Community-minded meerkats

30 January 2018

Interview with

Professor Tim Clutton-Brock - Cambridge University

Does it pay for animals to act altruistically? One species with a particularly strong community-spirit is the meerkat. To find out more about why meerkats help each other out, rather than just fend for themselves, Lewis Thomson and Katie Haylor met up with one human expert, and many excitable meerkats...

Tim - Hello, I’m Tim Clutton-Brock. I’m a zoologist at the University of Cambridge and I work principally on Kalahari Meerkats and we work in a site in the southern Kalahari just on the South African-Botswana border.

Lewis - We’re not in the Kalahari right now. We have come to the Animal Experience in Cambridgeshire and we’re surrounded by about five meerkats I think. They’re all running around. Shall we go in and sit down and get a bit closer to them?

Tim - Fine.

Lewis - They’re climbing over Tim’s shoe at the moment. I’m not sure if he thinks it’s food. No… don’t go for the microphone cable.

Tim - I’ve got a meerkat on me.

Lewis - He wants to be interviewed.

Tim - He wants to smell my mouth too closely I think. The unusual thing about meerkats is that they’re one of the most cooperative animals in the world and for evolutionary biologists cooperation poses a problem. It’s not difficult to understand why animals compete with each other because they’re competing for food and breeding opportunities and so on. But meerkats, like a number of social insects, spend much of their time helping other individuals to breed rather than breeding themselves.

Groups typically consist of one breeding male and one breeding female, and then a variable number of individuals, sometimes 20 or 30 individuals, many of them fully mature who spend a large part of their lives helping to rear offspring born to the breeding female. They enjoy eating people’s ears…

Tim - Eventually the meerkats decided that our producer’s ears weren’t really worth eating. Back to Tim…

Tim - Cooperation on this level is unusual in mammals. Meerkats have a complex system of helping so that when the dominant female is producing pups, other individuals clear out the burrow, and some of the non-breeding females will lactate to the young of the breeding female. When the group leaves the breeding burrow in the morning to go foraging and the breeding female goes with them, one of the helpers will stay and protect the young for the rest of the day with a result that they will spend a full 24 hours without getting any food.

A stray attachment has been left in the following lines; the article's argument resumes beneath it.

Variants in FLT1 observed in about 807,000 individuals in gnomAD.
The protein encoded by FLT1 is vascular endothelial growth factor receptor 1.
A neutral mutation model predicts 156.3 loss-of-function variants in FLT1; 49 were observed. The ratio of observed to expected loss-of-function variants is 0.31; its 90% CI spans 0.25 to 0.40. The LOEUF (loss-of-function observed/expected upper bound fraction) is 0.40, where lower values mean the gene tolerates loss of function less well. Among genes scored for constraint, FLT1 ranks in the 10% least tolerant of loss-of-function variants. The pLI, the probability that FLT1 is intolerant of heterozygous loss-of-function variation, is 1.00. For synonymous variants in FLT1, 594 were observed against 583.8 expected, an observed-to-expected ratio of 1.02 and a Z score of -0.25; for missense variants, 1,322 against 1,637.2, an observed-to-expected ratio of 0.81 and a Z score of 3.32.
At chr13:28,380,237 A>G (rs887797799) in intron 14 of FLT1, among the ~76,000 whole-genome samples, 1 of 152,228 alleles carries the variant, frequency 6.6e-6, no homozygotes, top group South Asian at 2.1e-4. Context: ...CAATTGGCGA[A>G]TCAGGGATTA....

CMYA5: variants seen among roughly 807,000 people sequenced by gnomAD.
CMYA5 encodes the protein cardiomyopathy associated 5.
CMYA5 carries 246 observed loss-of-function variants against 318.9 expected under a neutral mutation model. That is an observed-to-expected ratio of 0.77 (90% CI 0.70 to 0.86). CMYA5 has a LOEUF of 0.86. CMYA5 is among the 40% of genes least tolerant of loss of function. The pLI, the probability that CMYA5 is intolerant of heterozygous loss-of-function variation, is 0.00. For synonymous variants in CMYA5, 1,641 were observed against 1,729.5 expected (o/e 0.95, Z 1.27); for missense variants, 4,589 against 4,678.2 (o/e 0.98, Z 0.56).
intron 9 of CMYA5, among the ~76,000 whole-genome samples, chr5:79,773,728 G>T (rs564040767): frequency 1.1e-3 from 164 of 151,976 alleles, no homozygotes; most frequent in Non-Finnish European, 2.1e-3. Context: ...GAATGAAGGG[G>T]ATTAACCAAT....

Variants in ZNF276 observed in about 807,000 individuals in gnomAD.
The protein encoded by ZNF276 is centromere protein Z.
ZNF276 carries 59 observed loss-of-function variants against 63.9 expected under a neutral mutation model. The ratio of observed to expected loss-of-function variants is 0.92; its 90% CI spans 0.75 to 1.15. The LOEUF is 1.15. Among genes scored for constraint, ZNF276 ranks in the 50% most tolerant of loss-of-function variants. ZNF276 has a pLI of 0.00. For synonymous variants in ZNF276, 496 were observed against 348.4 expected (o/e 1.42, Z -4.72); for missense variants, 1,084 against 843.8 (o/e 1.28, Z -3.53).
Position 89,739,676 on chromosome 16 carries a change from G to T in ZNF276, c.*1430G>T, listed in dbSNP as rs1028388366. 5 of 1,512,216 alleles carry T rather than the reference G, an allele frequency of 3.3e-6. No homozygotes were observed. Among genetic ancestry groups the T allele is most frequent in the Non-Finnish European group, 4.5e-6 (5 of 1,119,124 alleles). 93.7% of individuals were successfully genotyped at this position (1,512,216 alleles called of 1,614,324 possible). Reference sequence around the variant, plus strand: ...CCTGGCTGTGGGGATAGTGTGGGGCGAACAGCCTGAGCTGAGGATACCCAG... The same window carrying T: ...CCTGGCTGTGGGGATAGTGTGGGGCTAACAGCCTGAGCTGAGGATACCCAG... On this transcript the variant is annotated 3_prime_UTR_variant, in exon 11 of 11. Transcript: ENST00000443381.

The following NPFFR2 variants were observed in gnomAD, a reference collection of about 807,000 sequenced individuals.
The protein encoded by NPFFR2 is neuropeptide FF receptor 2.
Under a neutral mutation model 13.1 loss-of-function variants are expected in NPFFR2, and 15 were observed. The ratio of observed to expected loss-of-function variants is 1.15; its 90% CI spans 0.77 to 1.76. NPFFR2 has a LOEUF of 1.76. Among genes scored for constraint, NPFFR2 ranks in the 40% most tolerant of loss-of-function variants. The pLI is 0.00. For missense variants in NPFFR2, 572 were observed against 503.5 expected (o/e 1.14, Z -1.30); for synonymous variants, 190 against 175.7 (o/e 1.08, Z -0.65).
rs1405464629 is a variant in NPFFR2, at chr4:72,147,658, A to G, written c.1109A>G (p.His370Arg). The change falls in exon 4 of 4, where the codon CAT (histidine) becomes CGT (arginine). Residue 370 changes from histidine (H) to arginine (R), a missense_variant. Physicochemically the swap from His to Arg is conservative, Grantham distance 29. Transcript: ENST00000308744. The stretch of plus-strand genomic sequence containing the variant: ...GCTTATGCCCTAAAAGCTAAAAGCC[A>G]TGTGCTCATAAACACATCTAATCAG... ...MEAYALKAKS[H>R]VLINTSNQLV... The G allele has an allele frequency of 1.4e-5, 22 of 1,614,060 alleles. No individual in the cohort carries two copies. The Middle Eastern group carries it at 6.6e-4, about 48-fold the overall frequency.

Then once the pups start to move with the group and forage, which they do at about three weeks after they’re born, the members of the group go and collect food and they bring it to the pups. Most of the members of the group give away around half of all the food they find to the pups and they do that for the first three to four months of pup life. When the groups foraging, it’s commonly the case that one individual stops feeding, goes up on raised guard and looks for predators, and gives alarm calls if it sees predators.

Lewis - This raised guard is that classic image of meerkats standing up like footballers defending a free kick. They’re ready to alert their troup to any eagles, snakes, or jackals… So why put their neck on the line like this?

Tim - The only animals that live in cooperative systems like this are animals where all the group members are closely related because most of them in a meerkat group, most of the individuals are full siblings. So they’re helping to rear individuals that are 50% related to them which is the same level of relatedness as their offspring would be if they produced offspring themselves. If their parents are much more likely to be able to produce and rear offspring than they would themselves, another way of breeding, if you like, is to help their parents produce further siblings rather than trying to breed themselves.

Lewis - But why does being closely related, that is having a similar genetic makeup or genotype matter?

Tim - Well, if you put it in the simplest way, animals are selected to maximise the proliferation of their genotype in future generations. So, if you’re helping to rear individuals that are 50% related to you, you’re extending the proliferation of your genotype into future generations just as you are if you breed yourself. If, on the other hand, you’re helping an individual that’s only 5% related to you, you are making very little contribution by that to the proliferation of your genes into future generations.

Lewis - Do you think altruism is an appropriate term to use when we’re talking about meerkat behaviour?

Tim - Well, it all depends what you mean by altruism. These individuals are helping other individuals breed, but that for them is the best way of ensuring the proliferation of their genotype. So there’s a real evolutionary benefit to these individuals, but they certainly are helping other individuals at some cost to themselves so, in the technical sense yes, I call that altruism.

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